LINCOLN — There was an unforgettable element to the Nebraska-Ohio State game a year ago, when the Huskers fell behind 27-6 in the rain, rallied furiously into the October night and finished with Bo Pelini yelling “How 'bout the biggest comeback in school history!” in a jubilant locker room afterward.
It was stunning. It was special. And the 34-27 win helped NU right the ship after a blowout loss at Wisconsin and point the way to a 7-1 start. Ÿ Too many other second halves, however, have been less favorable. Nebraska can't seem to bottle and use again what it did against the Buckeyes — and the Huskers' slog back to the upper echelon of college football continues to drag on.
Take, for example:
>> How Nebraska could not manage anything remotely similar against Wisconsin and Michigan last season in games it trailed by 13 and seven at halftime, respectively. Instead the Huskers were outscored by a combined 49-10 in the third and fourth quarters by the Badgers and Wolverines.
>> How NU could not come up with a timely second-half defensive stop or two against Northwestern in a home loss to an unranked opponent that had lost five of its previous six games.
>> How the Huskers never regrouped after the South Carolina touchdown just before halftime in the Capital One Bowl and only let it get worse in Orlando.
>> And going back to the season before, how NU didn't finish the job in the 2010 Big 12 championship game when it had Oklahoma down and the first BCS bowl was in sight for Pelini and his crew.
So what happened last week at UCLA, when the Huskers had a chance to show that things have changed with the game tied at 24 at halftime?
The second half was mostly a disaster. The Huskers lost 36-30.
“The past two years we haven't came out in the second half as well as we should have when it was a close game,” NU receiver Quincy Enunwa said. “With UCLA, obviously we didn't show that we learned our lesson. But these next few games, if we have a close game, we're hoping we can pick it up and make sure that we don't let that happen again.”
Nebraska hopes to avoid a close game Saturday against Arkansas State. The Huskers and Red Wolves, both 1-1, kick off at 11 a.m. at Memorial Stadium.
It was notable that Nebraska fizzled out offensively at UCLA after piling up 333 total yards and 24 points in the first half, although the defense was equally to blame. Shortcomings on the offensive end appear to be a common thread in the second-half letdowns.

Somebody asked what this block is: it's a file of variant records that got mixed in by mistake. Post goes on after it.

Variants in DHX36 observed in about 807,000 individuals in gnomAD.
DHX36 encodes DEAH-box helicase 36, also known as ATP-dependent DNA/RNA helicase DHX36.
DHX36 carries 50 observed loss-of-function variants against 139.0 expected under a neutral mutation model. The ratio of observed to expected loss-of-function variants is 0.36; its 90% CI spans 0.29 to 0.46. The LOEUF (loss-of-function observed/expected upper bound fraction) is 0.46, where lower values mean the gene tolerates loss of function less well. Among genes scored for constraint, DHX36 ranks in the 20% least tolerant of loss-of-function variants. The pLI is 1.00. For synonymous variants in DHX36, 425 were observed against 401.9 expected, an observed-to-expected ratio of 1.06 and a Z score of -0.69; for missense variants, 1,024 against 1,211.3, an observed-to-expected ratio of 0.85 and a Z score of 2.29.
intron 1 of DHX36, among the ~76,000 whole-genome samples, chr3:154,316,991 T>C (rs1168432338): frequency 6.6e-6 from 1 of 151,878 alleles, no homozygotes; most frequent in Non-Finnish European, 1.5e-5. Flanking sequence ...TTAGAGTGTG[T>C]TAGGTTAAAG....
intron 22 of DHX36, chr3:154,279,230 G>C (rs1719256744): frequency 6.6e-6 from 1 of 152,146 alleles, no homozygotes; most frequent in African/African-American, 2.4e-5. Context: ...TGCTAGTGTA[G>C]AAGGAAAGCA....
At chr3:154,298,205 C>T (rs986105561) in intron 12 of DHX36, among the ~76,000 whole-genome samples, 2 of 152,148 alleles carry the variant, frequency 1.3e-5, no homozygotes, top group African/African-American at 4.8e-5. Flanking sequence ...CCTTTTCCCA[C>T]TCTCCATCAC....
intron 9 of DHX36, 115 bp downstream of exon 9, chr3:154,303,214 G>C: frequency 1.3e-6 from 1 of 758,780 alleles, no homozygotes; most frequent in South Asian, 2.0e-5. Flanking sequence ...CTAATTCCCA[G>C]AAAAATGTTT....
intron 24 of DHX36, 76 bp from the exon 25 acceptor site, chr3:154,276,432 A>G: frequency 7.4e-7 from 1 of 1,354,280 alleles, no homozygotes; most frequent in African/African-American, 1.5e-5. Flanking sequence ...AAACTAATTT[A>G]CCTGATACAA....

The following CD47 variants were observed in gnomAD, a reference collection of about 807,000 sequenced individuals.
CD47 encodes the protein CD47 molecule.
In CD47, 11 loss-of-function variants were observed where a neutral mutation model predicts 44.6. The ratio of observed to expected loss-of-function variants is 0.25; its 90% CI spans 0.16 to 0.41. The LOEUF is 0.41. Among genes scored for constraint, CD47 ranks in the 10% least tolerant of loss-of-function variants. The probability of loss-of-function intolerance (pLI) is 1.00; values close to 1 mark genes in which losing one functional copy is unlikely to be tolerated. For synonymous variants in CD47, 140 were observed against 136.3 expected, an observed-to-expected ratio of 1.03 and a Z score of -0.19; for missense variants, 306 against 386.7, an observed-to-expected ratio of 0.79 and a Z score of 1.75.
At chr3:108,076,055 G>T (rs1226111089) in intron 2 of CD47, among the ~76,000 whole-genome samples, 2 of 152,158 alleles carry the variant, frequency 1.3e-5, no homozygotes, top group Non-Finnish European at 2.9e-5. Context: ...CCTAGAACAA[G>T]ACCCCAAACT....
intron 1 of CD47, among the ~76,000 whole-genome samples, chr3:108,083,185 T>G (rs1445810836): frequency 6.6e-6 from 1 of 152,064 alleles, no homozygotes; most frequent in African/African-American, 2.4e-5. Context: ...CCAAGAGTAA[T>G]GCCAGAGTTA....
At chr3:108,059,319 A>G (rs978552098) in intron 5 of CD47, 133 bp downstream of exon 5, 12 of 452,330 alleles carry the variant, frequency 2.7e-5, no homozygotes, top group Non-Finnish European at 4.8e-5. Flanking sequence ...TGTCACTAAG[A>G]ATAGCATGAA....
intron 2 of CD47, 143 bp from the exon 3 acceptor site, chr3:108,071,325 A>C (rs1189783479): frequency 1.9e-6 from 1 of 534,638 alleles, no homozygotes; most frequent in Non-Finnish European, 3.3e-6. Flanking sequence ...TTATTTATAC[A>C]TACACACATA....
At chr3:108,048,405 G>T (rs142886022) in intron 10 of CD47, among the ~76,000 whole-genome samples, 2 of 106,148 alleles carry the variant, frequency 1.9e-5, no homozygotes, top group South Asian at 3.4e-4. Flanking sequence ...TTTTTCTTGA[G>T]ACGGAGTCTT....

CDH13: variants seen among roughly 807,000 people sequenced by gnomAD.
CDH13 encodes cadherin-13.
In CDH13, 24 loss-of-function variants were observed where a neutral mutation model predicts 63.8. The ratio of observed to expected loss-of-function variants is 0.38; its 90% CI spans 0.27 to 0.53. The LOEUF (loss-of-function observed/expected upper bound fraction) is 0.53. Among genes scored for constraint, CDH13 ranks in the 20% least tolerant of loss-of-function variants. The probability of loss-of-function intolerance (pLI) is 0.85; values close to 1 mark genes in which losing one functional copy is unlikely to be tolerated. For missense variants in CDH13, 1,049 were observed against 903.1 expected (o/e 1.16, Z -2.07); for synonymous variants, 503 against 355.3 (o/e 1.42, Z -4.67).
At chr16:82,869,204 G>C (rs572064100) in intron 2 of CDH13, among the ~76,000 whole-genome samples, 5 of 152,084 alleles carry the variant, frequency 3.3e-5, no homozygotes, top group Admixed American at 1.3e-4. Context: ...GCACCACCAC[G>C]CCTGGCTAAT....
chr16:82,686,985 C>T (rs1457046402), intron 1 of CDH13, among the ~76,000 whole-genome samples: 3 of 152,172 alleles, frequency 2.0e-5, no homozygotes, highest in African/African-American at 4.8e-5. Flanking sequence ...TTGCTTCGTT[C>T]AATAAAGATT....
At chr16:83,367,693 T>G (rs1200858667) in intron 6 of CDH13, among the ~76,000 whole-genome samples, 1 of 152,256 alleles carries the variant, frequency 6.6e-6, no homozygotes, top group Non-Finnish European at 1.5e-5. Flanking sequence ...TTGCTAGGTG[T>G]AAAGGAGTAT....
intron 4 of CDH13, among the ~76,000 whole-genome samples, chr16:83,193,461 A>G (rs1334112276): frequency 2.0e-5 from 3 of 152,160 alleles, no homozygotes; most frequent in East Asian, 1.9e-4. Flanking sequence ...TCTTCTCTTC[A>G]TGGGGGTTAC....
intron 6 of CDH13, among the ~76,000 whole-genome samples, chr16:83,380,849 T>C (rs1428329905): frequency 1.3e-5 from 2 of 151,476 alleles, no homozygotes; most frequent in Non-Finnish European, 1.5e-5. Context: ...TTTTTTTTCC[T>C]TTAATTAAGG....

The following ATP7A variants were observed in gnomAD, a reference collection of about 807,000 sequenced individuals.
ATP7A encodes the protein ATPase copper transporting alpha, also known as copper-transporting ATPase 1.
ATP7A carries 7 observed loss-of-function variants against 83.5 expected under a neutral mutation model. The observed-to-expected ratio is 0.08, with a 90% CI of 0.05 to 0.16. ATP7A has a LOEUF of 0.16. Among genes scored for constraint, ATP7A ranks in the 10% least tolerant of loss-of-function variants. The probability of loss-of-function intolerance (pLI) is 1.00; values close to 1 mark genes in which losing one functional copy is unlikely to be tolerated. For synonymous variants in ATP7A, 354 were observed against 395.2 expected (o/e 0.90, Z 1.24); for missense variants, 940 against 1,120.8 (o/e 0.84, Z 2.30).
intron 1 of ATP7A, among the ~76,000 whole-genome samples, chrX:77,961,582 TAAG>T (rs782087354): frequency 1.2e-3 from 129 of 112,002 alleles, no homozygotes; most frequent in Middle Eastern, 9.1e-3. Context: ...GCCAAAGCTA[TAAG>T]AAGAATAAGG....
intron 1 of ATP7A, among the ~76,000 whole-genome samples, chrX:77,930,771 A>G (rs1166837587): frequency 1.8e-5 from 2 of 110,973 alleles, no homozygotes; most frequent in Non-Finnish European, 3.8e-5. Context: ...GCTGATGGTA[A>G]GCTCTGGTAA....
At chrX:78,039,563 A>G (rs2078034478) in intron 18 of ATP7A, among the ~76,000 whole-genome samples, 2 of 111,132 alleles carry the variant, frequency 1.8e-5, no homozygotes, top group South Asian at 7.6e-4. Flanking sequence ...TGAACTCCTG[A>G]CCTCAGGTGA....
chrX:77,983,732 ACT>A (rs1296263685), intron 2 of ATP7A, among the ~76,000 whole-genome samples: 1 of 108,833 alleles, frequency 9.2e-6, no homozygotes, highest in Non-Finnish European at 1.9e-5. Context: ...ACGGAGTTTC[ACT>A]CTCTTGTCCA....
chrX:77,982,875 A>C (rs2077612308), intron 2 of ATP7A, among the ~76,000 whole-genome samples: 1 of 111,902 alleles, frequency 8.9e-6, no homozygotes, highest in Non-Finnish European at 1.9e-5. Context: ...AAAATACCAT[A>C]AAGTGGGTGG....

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NU has scored seven points or fewer in the second half in seven of its past eight losses (the exception was against Northwestern). It has been shut out in three of those second halves, including that 2010 Big 12 championship game which the Huskers led the Sooners 20-17 — and 17-0 in the second quarter.
Overall in those past eight losses, Nebraska has been outscored 117-47 in the third and fourth quarters.
“I feel like at times we really succumb to pressure,” NU I-back Ameer Abdullah said. “I feel like we need to really just settle down when we get in those situations, where it's tied or it's a tight game. Calm down and keep executing our plays, like we have done (in the first half).”
Abdullah used the UCLA game as an example.
“You saw the first half. We executed very well,” he said. “But when we got some pressure, we let little things go out the window with our techniques and things.
“It's just when adversity hits us, how are we going to respond is the big question.”
Nebraska actually came from behind at halftime to beat both Ohio State and Fresno State last season. But it also had to fight off Penn State at the end in a game that it led 10-0 at halftime and 17-0 in the third quarter.
“I think we just got to play four quarters of football,” NU offensive tackle Brent Qvale said. “It's good to have a couple good quarters and everything, but football's a long game.”
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The timing of some mistakes has been particularly damaging.
Last week, Abdullah lost a fumble on the Huskers' first snap of the second half at UCLA.
In 2011, Taylor Martinez was intercepted on the first play after halftime at Wisconsin. Kenny Bell fumbled the second-half kickoff at Michigan, then NU had a punt blocked on its next possession. Nebraska got nothing out of a first-and-goal shortly after halftime in the Capital One Bowl.
In 2010, Martinez was sacked and fumbled inside his own 25 on the Huskers' first third-quarter series against OU. Washington then needed less than two minutes in the Holiday Bowl to turn a 10-7 halftime lead into a 17-7 margin.
“It's just the little things at times that get to us and end up being big things,” NU cornerback Andrew Green said.
There are sure to be more chances, and senior tight end Ben Cotton said it will still come down to the Huskers staying focused and keeping their composure.
“We knew that game (at UCLA) was winnable,” Cotton said. “We were still able to win that game even late in the fourth quarter. Once again, it was little mistakes that ended up beating us.
“I think we've always been aware that we need to take care of ourselves before we can beat another team. That's something we trained for all offseason, and I'm looking forward to seeing how this team responds.”
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